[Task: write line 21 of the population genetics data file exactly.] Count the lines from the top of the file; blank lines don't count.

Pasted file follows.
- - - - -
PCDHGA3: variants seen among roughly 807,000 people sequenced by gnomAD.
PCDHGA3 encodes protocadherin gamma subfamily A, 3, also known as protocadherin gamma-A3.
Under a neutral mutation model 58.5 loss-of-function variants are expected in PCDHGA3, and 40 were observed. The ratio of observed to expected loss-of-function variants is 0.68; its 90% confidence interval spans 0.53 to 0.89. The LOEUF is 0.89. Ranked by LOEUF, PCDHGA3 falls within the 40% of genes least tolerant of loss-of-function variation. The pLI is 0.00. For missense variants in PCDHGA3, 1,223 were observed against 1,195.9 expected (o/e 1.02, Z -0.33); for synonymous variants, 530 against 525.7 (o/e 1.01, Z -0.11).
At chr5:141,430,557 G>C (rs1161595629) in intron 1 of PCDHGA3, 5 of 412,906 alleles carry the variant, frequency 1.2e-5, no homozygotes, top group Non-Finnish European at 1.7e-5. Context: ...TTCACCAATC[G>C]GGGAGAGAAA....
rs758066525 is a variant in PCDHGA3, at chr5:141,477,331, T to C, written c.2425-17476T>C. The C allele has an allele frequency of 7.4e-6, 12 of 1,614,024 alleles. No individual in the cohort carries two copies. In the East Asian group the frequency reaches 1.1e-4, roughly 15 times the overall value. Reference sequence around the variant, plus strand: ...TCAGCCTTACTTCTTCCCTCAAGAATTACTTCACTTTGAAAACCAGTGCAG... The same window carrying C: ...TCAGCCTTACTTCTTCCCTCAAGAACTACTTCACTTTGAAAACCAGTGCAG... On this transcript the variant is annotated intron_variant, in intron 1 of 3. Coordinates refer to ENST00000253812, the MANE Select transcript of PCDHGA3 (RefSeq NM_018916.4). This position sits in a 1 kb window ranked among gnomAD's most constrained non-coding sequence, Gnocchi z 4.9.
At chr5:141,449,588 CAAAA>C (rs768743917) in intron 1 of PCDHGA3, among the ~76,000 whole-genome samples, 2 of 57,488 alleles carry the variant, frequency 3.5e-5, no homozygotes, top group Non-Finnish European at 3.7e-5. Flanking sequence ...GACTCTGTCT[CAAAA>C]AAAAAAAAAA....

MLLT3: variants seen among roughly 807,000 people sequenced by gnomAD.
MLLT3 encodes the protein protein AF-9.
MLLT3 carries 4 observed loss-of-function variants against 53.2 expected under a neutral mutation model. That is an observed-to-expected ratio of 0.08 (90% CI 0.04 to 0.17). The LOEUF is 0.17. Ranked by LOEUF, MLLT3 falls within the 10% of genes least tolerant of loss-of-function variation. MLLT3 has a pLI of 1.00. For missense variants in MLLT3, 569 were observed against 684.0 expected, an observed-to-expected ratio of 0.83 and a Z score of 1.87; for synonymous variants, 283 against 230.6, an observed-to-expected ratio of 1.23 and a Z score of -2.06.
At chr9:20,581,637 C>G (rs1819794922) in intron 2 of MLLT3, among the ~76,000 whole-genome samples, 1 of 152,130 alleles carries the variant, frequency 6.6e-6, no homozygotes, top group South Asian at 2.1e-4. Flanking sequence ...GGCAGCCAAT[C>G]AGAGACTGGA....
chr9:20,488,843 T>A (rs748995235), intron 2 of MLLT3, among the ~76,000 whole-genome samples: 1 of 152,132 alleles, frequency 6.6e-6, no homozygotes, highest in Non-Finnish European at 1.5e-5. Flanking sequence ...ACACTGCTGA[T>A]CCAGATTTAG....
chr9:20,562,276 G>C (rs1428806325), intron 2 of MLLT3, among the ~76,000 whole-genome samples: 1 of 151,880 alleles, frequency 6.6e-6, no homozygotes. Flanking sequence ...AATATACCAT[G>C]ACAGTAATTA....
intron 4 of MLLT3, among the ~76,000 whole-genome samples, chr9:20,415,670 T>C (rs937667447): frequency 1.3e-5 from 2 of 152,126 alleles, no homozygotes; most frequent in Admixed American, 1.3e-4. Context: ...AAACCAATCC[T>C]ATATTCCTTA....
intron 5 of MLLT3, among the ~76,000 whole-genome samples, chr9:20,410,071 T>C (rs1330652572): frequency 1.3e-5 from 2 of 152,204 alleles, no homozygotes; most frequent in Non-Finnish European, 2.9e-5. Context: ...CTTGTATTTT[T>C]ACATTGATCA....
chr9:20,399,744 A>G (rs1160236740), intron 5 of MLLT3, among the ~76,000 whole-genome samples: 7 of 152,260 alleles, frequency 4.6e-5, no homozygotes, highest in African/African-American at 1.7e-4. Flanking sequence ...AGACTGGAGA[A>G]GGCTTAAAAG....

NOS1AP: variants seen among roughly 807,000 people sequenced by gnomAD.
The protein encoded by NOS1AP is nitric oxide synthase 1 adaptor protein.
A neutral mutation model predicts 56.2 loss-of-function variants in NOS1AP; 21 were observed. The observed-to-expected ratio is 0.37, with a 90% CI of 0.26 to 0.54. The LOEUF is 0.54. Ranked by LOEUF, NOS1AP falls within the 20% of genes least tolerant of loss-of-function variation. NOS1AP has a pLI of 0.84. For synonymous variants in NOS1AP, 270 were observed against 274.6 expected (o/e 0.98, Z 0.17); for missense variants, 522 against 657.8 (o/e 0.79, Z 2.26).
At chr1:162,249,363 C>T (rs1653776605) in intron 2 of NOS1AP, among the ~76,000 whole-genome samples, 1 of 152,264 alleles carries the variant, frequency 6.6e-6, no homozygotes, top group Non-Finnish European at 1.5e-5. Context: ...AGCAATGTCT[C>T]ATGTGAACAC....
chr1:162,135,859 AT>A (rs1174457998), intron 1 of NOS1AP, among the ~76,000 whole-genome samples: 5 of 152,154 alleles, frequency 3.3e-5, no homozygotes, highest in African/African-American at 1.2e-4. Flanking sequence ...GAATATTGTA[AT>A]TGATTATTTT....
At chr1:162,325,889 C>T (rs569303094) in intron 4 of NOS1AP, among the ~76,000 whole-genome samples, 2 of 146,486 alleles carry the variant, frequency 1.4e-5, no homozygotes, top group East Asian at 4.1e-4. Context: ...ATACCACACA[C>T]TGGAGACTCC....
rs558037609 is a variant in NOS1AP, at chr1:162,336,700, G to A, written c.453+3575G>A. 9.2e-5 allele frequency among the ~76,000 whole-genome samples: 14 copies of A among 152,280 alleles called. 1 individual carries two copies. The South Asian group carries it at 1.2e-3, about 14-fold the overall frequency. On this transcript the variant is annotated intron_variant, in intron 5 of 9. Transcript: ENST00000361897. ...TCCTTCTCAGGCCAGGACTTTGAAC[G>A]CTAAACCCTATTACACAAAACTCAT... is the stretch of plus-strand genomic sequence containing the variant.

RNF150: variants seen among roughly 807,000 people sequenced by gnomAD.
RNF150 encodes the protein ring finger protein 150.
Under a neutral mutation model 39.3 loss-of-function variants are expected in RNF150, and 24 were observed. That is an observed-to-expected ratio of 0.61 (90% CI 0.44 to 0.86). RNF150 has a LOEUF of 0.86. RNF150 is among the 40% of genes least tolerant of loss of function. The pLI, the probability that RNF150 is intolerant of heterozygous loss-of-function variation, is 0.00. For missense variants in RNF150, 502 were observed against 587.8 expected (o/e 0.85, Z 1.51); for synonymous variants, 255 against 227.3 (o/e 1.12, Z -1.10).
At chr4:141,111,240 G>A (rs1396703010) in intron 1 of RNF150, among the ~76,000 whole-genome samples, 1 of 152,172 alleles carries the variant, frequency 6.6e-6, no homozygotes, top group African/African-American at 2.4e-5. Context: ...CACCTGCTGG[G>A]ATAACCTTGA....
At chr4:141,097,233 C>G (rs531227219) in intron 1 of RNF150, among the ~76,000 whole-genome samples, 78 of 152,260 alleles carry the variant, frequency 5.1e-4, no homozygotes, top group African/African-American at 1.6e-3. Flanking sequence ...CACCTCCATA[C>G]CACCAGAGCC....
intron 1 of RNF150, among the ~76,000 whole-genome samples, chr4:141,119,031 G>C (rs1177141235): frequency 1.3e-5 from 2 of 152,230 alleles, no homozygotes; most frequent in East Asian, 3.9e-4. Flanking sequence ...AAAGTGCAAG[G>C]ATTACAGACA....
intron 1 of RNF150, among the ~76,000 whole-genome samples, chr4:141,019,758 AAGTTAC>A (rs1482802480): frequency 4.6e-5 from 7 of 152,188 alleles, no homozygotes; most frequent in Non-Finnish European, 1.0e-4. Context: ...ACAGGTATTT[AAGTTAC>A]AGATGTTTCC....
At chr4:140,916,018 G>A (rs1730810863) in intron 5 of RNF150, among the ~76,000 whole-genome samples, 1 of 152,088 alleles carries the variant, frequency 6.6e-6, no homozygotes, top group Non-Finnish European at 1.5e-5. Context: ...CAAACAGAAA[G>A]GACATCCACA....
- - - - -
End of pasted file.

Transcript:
At chr1:162,325,889 C>T (rs569303094) in intron 4 of NOS1AP, among the ~76,000 whole-genome samples, 2 of 146,486 alleles carry the variant, frequency 1.4e-5, no homozygotes, top group East Asian at 4.1e-4. Context: ...ATACCACACA[C>T]TGGAGACTCC....